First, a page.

When Buddhaghosa illustrates the key term rūpa, he does so with an analogy that goes beyond subjective feel and even manifestation. He quotes a passage from the Majjhima Nikāya which says (in the Ñāṇamoli translation): “Just as when a space is enclosed with timber and creepers and grass and clay, there comes to be the term ‘house,’ so too, when a space is enclosed with bones and sinews and flesh and skin, there comes to be the term rūpa.” (Vism XVIII.26) Here he is saying that rupa includes those inner elements that we would not normally perceive or feel subjectively, the things that are typically invisible to us: the bones in the body, the timbers of a house.

This point brings us to nāmarūpa, that compound at the heart of their article’s concernes. I agree with what I took to be their most basic point about nāmarūpa. That is: Nāmarūpa is most commonly translated, somewhat opaquely, as “name and form”. Some translators have tried to render it in a more English idiom as “mind and matter” or “mentality and materiality”. I think Heim and Ram-Prasad are quite right to resist that latter interpretation, pointing out that rūpa includes mental elements of subjective feel. I am in agreement with the “more careful scholars” they name, like Steven Collins and Sue Hamilton, who keep the “name and form” translation within “a metaphysical account of the human being where the disaggregative project of analyses for dismantling selfhood produces an account of smaller constituent parts, which are then affirmed as reals.”

Buddhaghosa asserts the paramount importance of nāmarūpa in Visuddhimagga XVIII.24-28, the key passage from which Heim and Ram-Prasad draw their title; we have discussed this passage before and will discuss it again. In this central passage Buddhaghosa says – in Heim and Ram-Prasad’s translation – “One concludes that there is only name and form and nothing beyond them such as a being, person, deity, or Brahmā.” (Nāmarūpamattato uddhaṃ añño satto vā puggalo vā devo vā brahmā vā natthīti niṭṭhaṃ gacchati, Vism XVIII.24) So too, he says paramatthato pana nāmarūpamattameva atthīti. Evaṃ passato hi dassanaṃ yathābhūtadassanaṃ nāma hoti (Vism XVIII.28), which they render: “seeing correctly is the seeing of one who sees in this way, that from the standpoint of further sense [paramatthatas], there is only name and form.” (34) Note the use of atthi/hoti and natthi, “there is” and “there is not”, in both these quotations – and in the translations. Not “there appears”, “there arises to consciousness”, but there is. Buddhaghosa is making claims about what exists – which is, by definition, exactly the subject matter of ontology.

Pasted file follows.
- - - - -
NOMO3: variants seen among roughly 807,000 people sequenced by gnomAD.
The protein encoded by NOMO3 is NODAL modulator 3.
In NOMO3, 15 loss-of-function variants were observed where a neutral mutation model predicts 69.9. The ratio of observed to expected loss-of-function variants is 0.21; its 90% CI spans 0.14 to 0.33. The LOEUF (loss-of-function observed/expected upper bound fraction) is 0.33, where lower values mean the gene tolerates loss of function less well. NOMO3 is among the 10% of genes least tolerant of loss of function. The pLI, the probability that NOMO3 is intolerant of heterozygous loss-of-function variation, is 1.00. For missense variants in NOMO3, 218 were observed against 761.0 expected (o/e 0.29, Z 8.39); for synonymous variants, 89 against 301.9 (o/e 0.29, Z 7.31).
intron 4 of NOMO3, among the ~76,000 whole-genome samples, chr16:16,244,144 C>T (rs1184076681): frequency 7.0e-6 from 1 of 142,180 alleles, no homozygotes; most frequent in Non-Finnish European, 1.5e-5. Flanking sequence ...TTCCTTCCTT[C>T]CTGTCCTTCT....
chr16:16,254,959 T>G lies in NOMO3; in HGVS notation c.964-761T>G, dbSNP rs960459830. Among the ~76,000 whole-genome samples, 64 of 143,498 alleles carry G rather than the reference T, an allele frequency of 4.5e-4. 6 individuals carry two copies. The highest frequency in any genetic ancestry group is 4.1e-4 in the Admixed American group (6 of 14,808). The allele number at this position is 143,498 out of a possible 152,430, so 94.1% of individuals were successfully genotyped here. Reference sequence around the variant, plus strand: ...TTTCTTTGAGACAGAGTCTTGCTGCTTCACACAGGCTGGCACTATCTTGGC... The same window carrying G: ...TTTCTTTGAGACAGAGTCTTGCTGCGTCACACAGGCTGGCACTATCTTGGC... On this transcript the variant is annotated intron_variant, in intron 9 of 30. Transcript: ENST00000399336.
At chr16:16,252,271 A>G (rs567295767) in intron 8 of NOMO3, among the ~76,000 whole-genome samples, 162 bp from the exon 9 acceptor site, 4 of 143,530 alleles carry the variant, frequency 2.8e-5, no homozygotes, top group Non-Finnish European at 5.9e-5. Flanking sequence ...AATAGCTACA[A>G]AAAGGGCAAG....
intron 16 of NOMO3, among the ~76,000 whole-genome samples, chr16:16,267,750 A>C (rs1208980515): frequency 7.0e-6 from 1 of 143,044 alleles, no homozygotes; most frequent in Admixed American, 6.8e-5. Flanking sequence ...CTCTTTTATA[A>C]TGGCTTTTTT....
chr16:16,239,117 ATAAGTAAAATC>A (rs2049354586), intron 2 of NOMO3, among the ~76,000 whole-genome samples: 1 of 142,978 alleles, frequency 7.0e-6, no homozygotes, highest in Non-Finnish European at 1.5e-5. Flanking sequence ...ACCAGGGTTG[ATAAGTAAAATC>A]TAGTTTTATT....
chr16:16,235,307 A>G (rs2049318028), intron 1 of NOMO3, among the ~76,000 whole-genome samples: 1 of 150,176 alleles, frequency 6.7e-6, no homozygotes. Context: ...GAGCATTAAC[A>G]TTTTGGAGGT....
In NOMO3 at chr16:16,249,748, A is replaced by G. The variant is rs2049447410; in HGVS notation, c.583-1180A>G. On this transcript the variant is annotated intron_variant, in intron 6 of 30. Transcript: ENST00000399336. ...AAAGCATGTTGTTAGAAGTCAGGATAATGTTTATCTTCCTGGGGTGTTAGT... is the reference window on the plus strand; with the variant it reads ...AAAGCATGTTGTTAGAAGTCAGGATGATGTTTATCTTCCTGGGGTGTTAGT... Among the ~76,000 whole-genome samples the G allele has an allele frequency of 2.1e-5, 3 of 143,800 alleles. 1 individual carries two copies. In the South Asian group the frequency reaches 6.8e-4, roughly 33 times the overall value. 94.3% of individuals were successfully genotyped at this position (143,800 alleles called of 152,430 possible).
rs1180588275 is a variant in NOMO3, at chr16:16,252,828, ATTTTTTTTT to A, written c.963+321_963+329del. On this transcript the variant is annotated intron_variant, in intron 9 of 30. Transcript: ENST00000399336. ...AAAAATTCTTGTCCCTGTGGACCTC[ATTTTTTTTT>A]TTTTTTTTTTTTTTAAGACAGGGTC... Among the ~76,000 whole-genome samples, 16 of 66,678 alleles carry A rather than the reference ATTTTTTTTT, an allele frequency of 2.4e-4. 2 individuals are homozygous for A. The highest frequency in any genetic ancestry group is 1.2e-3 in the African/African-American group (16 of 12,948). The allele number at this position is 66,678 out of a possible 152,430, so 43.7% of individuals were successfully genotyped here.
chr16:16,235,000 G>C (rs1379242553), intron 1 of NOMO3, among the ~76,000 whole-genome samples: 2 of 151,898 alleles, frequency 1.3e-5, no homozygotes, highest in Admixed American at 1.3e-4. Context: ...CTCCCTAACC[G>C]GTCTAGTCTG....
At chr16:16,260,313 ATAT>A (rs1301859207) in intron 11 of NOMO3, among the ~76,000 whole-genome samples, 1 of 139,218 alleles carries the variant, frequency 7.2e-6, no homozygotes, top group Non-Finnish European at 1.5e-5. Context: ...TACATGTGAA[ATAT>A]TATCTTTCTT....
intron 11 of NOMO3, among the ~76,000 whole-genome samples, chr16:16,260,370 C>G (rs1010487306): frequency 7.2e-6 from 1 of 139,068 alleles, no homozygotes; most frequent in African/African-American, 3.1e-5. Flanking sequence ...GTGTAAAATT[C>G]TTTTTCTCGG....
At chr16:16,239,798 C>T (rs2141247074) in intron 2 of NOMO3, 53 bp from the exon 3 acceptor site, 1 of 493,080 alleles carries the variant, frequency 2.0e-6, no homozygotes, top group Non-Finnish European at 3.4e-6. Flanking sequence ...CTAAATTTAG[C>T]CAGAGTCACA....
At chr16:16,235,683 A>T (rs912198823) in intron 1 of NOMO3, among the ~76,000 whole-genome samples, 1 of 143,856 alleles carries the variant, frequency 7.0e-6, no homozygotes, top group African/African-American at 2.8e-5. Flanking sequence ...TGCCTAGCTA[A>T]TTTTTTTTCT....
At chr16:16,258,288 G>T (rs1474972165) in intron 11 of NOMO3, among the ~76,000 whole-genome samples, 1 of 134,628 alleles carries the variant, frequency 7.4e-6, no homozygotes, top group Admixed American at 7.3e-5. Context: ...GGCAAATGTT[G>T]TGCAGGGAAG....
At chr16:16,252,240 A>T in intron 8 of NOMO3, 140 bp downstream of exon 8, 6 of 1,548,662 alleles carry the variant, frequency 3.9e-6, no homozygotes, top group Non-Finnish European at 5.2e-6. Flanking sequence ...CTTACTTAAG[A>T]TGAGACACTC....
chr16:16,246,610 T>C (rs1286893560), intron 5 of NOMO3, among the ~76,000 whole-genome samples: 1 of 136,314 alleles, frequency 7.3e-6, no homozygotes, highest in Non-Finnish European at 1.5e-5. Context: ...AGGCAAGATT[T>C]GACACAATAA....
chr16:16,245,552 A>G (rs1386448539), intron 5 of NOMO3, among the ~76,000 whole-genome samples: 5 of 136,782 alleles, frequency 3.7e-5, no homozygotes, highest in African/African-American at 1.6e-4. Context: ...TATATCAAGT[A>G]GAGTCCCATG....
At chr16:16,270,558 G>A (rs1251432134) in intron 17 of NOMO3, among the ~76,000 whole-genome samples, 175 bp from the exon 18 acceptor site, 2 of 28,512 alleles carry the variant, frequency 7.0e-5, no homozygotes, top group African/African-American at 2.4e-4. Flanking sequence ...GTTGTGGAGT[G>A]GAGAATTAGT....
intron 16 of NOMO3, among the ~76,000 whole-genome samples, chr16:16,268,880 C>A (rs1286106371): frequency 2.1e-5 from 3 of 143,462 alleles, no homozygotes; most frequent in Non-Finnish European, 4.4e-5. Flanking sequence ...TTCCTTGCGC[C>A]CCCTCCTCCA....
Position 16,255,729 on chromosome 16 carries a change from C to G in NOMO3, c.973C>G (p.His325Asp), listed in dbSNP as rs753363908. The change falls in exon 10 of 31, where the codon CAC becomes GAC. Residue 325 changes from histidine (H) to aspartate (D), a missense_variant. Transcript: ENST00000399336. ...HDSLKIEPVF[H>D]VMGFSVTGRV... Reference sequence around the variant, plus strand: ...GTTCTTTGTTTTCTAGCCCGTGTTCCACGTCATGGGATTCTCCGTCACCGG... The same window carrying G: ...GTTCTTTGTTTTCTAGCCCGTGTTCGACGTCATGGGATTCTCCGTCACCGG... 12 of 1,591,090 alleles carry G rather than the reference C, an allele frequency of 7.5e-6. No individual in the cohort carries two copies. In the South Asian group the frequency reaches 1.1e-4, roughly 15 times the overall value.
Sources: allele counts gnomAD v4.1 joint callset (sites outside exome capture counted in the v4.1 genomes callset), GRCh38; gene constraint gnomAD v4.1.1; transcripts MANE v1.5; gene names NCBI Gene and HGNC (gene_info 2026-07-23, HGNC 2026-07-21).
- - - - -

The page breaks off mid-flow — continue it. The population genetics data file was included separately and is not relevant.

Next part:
Ram-Prasad claims in his reply to me that

to disaggregate the notion of ‘person’ is to come to ‘see correctly’ that our experience of ourselves is not of irreducibly single subjects. To then take this exercise to be an assertion that there is an ultimate reality of disaggregated entities is a further step, and not one that Buddhaghosa argues for epistemologically.

But there is no reference in this key passage, or in any other passage that Heim and Ram-Prasad quote, to any notion translatable as “experience”. Vism XVIII.28 explains seeing correctly, and it explains seeing correctly as “seeing that” – expressing what one sees within a dependent clause, using the iti particle. One could perhaps take this “seeing” in a very figurative sense and render it as “experience”. But Ram-Prasad’s comment goes further: he claims that what we come to see correctly, the object of our seeing, is “our experience of ourselves”. And there is no support at all for that claim in this passage. Buddhaghosa makes no claim that we see “our experience of ourselves” is not of subjects. Rather, what we see is that there are no subjects (but rather only name and form). There is no word here that can be translated “experience”. A “further step”, a step that Buddhaghosa does not argue for, is taken when we add that concept, the concept of experience – and not by adding the concept of existence, which is right there in the passage. For Buddhaghosa’s sentence simply does not say that one who sees correctly sees that his experience is only of nāmarūpa. Rather, he sees that there is only nāmarūpa. When we are seeing correctly, what we see is not that we do not experience single subjects – something Buddhaghosa does not say in these passages about correct seeing – but rather that there are no single subjects but only name-and-form. When Buddhaghosa says “there is”, I would prefer to interpret him as meaning not “there appears” or “we experience” but “there is”, unless he gives have explicit reason to believe the contrary.

As for whether this disaggregated existence of nāmarūpa is “ultimate”: well, in this passage Buddhaghosa explicitly qualifies the claim that “there is only nāmarūpa” with paramatthatas, an adverbial form of paramattha – and the word paramattha is most commonly translated “ultimate”. Indeed, in describing the same passage on page 1094, Heim and Ram-Prasad themselves use the word “ultimately” to explicate paramatthatas. There is more to say about paramattha, but that is for the next post.

Cross-posted at the Indian Philosophy Blog.